Children rated Ziggy cartoons for funniness, and interviewers also noted how hard they laughed; Masten also deleted the humorous captions in some cartoons as controls. The children were also asked to create their own captions for other Ziggy cartoons. For example, one fifth grader added the caption "I'm glad cows don't fly" to a cartoon showing a bird "dropping" on Ziggy's head.

The results of these exercises showed that children who laughed and smiled when rating the cartoons, especially those kids who could create funny captions, were generally more popular with their classmates and appeared to do better in school even when there was a great deal of stress in their lives. "A lot of what makes humor funny is intelligence and a good social awareness," says Masten. "So perhaps we've measured another aspect of how good children are at relating to their world, which you might expect would correlate well with an ability to deal with stress in that world."

A 'Piece of Bamboo'

One concern of psychologists and other childhood specialists is is that by identifying resilient children, they are providing fodder for those who claim that anyone who sets his or her mind to it can pull themselves up by their psychological bootstraps. "Certain people see children like these as the John Wayne type, riding high in the saddle and all that nonsense," said Werner, herself a child of the Holocaust of Nazi Germany. "But that is not the case at all. Every one of these children had some kind of outside help. They did not do it by themselves."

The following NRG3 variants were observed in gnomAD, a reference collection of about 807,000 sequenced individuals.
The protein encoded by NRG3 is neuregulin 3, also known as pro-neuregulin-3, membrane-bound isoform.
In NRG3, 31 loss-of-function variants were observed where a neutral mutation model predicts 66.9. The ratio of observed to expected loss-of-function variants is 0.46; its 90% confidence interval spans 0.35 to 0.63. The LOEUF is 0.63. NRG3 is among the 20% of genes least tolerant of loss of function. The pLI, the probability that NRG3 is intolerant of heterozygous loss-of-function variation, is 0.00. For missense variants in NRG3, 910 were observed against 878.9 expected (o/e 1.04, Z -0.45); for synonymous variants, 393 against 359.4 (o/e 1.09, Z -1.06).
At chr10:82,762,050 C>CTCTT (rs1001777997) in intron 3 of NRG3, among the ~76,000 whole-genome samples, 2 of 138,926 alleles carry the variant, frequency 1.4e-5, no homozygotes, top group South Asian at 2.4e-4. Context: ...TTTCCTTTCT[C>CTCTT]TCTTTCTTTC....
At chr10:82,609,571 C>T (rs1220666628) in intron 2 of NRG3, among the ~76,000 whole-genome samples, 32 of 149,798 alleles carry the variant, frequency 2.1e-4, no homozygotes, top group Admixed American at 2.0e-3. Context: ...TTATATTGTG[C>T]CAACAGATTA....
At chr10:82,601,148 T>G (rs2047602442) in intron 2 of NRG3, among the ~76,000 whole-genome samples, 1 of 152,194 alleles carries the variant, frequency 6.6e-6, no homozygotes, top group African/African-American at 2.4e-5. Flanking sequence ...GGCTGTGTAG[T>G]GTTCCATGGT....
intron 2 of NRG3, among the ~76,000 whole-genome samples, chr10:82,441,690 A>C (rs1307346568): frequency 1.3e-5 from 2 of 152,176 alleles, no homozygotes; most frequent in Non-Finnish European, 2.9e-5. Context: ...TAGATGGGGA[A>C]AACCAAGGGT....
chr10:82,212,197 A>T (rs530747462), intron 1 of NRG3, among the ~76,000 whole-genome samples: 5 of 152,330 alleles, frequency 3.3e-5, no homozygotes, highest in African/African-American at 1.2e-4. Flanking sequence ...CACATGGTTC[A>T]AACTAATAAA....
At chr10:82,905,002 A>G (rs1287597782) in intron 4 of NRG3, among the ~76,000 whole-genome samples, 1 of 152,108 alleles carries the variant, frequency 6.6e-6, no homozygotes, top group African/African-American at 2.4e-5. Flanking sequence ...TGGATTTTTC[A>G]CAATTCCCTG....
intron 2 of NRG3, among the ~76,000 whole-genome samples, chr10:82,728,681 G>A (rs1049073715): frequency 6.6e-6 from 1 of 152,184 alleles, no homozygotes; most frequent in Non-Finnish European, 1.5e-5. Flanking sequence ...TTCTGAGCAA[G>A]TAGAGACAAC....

Werner is quick to point out that resilience is a balance between risk factors, stressful life events and protective factors within the child and protective factors in the environment.

She likens a resilient child to a piece of bamboo. "Every piece of bamboo can be broken," she said. "It's very flexible and you can bend it quite a bit. You can put it under a fair amount of stress and it will still snap back. Bend it far enough, though, and it will eventually break. Well, the same is true of the resilient child . . . You can bend that child so much and then he, too, will break."

This analogy also implies that resilient children may even look pretty bad when under a lot of stress but that they can snap back when the stress is removed.

This is often what can happen when a child undergoes the stress of divorce.

A good example is an 11-year-old girl whose parents were divorced, which is when she first came to the attention of Judith Wallerstein, executive director of the Center for the Family in Transition in Corte Madera, Calif. The girl's home life, although solidly middle-class, had been turbulent, and she took the divorce pretty hard. She was doing nothing in school, had few friends and pretty much lived in her own little fantasy world in which no adult could be trusted; she had grown up in a household where her parents had been completely dishonest with one another since Cathy was a little girl.